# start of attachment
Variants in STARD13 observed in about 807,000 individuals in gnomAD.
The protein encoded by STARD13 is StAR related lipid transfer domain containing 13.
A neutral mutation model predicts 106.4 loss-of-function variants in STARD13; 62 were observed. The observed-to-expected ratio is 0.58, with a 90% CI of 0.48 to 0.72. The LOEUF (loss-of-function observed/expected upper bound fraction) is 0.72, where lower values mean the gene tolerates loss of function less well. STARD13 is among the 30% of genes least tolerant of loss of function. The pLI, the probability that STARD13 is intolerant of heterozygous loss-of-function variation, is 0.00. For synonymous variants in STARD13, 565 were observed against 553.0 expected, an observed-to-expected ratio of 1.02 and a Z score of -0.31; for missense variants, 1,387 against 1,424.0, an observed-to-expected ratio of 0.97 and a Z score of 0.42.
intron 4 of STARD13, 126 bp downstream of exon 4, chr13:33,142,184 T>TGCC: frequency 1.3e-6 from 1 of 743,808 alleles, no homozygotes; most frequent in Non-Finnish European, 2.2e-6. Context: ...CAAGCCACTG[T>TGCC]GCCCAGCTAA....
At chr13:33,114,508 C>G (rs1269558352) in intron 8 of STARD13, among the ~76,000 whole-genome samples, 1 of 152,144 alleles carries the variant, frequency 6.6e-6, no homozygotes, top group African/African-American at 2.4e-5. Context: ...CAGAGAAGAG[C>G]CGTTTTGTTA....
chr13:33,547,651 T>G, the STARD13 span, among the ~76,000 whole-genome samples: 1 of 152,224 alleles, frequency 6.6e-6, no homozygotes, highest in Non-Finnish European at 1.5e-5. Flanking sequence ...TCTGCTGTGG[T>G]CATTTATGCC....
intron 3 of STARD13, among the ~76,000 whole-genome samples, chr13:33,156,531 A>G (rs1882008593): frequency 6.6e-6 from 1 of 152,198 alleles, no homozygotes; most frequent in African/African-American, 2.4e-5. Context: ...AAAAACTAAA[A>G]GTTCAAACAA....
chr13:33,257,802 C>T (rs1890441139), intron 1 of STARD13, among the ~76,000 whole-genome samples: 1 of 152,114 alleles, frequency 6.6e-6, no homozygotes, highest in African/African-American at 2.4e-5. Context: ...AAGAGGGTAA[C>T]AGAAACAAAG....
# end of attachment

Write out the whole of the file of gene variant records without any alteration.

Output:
Variants in STARD13 observed in about 807,000 individuals in gnomAD.
The protein encoded by STARD13 is StAR related lipid transfer domain containing 13.
A neutral mutation model predicts 106.4 loss-of-function variants in STARD13; 62 were observed. The observed-to-expected ratio is 0.58, with a 90% CI of 0.48 to 0.72. The LOEUF (loss-of-function observed/expected upper bound fraction) is 0.72, where lower values mean the gene tolerates loss of function less well. STARD13 is among the 30% of genes least tolerant of loss of function. The pLI, the probability that STARD13 is intolerant of heterozygous loss-of-function variation, is 0.00. For synonymous variants in STARD13, 565 were observed against 553.0 expected, an observed-to-expected ratio of 1.02 and a Z score of -0.31; for missense variants, 1,387 against 1,424.0, an observed-to-expected ratio of 0.97 and a Z score of 0.42.
intron 4 of STARD13, 126 bp downstream of exon 4, chr13:33,142,184 T>TGCC: frequency 1.3e-6 from 1 of 743,808 alleles, no homozygotes; most frequent in Non-Finnish European, 2.2e-6. Context: ...CAAGCCACTG[T>TGCC]GCCCAGCTAA....
At chr13:33,114,508 C>G (rs1269558352) in intron 8 of STARD13, among the ~76,000 whole-genome samples, 1 of 152,144 alleles carries the variant, frequency 6.6e-6, no homozygotes, top group African/African-American at 2.4e-5. Context: ...CAGAGAAGAG[C>G]CGTTTTGTTA....
chr13:33,547,651 T>G, the STARD13 span, among the ~76,000 whole-genome samples: 1 of 152,224 alleles, frequency 6.6e-6, no homozygotes, highest in Non-Finnish European at 1.5e-5. Flanking sequence ...TCTGCTGTGG[T>G]CATTTATGCC....
intron 3 of STARD13, among the ~76,000 whole-genome samples, chr13:33,156,531 A>G (rs1882008593): frequency 6.6e-6 from 1 of 152,198 alleles, no homozygotes; most frequent in African/African-American, 2.4e-5. Context: ...AAAAACTAAA[A>G]GTTCAAACAA....
chr13:33,257,802 C>T (rs1890441139), intron 1 of STARD13, among the ~76,000 whole-genome samples: 1 of 152,114 alleles, frequency 6.6e-6, no homozygotes, highest in African/African-American at 2.4e-5. Context: ...AAGAGGGTAA[C>T]AGAAACAAAG....